RICHMOND, VA (WWBT) - Cell phones are important tools, especially in an emergency, but when is the right time to give one to your child?
Not only are they often expensive to buy, paying for data or texting could be a pretty big financial commitment as well. If you find yourself having an internal conflict about when to give your child a cell phone, and whether that child is ready, you're not alone.
"I think that's the challenge for most parents, 'How much information do I want to give my child and when?'" social media expert Marcy Williams said. "A lot of parents, they say middle school because they think their child is more responsible. They're more likely to listen and follow the rules.
Not to mention, middle school students often do more activities independently. Some even stay home alone, and you may want to give your child a way to get in touch with you during an emergency, if you don't have a landline.
"I think it just depends on your child, their level of responsibility [and] their level of understanding," Williams said. "Also, as a parent, you want to understand the risks of giving them a device too early."
Williams says middle school is a fine guideline, but doesn't have to be a hard and fast rule.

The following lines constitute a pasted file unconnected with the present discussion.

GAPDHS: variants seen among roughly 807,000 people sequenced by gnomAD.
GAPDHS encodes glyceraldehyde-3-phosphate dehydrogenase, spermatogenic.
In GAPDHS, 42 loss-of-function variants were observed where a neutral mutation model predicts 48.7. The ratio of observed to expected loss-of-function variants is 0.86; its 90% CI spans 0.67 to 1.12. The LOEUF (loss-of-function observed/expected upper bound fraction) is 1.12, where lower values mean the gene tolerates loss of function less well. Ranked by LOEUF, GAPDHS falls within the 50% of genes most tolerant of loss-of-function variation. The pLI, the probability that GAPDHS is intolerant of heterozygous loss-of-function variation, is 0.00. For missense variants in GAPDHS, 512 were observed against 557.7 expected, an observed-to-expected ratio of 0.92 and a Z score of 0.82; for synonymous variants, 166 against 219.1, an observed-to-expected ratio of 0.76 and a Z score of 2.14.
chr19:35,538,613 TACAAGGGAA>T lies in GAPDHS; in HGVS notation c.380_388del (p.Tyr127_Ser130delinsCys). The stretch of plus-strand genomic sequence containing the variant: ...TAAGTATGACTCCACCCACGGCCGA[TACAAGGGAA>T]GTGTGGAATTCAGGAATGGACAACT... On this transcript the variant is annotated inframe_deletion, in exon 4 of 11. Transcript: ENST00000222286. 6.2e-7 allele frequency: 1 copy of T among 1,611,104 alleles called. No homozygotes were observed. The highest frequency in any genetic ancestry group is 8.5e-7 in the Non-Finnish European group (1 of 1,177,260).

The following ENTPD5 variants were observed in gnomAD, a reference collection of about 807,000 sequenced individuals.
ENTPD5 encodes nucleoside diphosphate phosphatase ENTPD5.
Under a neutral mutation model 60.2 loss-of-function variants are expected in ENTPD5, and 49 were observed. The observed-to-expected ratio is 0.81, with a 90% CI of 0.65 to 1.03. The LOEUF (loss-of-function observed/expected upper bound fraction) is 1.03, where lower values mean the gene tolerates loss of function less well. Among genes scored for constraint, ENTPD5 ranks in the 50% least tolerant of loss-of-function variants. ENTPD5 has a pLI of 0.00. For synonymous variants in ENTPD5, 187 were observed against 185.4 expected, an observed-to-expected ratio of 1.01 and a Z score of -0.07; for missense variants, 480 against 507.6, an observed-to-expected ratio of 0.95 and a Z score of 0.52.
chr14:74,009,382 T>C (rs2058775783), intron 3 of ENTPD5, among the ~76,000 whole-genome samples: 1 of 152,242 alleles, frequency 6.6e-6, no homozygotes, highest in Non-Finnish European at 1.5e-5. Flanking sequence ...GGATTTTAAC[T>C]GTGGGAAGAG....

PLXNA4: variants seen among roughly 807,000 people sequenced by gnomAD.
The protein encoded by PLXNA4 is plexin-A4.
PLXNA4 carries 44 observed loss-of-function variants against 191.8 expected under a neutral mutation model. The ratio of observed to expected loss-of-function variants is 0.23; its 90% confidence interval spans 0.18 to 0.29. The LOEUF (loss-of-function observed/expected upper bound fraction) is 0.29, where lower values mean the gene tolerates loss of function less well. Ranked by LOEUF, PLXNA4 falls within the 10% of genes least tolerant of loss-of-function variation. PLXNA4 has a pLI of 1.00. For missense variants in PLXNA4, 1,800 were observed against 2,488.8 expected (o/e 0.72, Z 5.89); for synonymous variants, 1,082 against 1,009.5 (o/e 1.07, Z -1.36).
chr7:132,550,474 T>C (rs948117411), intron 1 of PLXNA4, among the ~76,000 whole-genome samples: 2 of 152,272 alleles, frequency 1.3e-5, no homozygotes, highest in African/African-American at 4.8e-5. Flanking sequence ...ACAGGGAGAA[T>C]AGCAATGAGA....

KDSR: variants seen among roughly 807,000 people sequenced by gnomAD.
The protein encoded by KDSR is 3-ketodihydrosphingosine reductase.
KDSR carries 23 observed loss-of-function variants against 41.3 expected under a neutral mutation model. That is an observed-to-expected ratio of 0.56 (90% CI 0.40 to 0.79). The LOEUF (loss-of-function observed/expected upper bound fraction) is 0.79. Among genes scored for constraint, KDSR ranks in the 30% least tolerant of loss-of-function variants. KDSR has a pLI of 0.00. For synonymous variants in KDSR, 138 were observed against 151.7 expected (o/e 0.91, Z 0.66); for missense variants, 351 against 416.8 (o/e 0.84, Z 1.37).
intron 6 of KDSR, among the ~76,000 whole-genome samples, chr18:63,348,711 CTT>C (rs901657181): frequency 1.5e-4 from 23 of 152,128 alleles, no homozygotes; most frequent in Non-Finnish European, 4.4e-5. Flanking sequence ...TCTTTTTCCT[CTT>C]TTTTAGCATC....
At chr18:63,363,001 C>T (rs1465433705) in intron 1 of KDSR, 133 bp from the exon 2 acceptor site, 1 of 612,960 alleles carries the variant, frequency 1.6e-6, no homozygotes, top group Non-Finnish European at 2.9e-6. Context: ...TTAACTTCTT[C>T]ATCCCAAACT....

Here's what she says to look for:
- Do they make good decisions?
- Can they distinguish between right and wrong?
- Are they able to react and respond appropriately?
Consider how language skills might be impacted. If your child is texting all the time, using text language or acronyms, is he or she developing good social skills for interacting with others, and with adults in a professional setting?
Williams recommends looking into parental controls, and says you should definitely know your child's passwords.
"Most carriers have parental controls, and you can get online and you can block certain apps and you have ratings," Williams explained. "You need to
understand with your provider that how far do these controls go? If you're on their network, yes they'll work. But if you're on wi-fi, do these controls still take into consideration?"
She also has a final warning for parents. Make sure you're ready to monitor your child on these devices.
That can be a time commitment, and it's a critical step, she says, to protecting your child and helping him transition to this big step safely.
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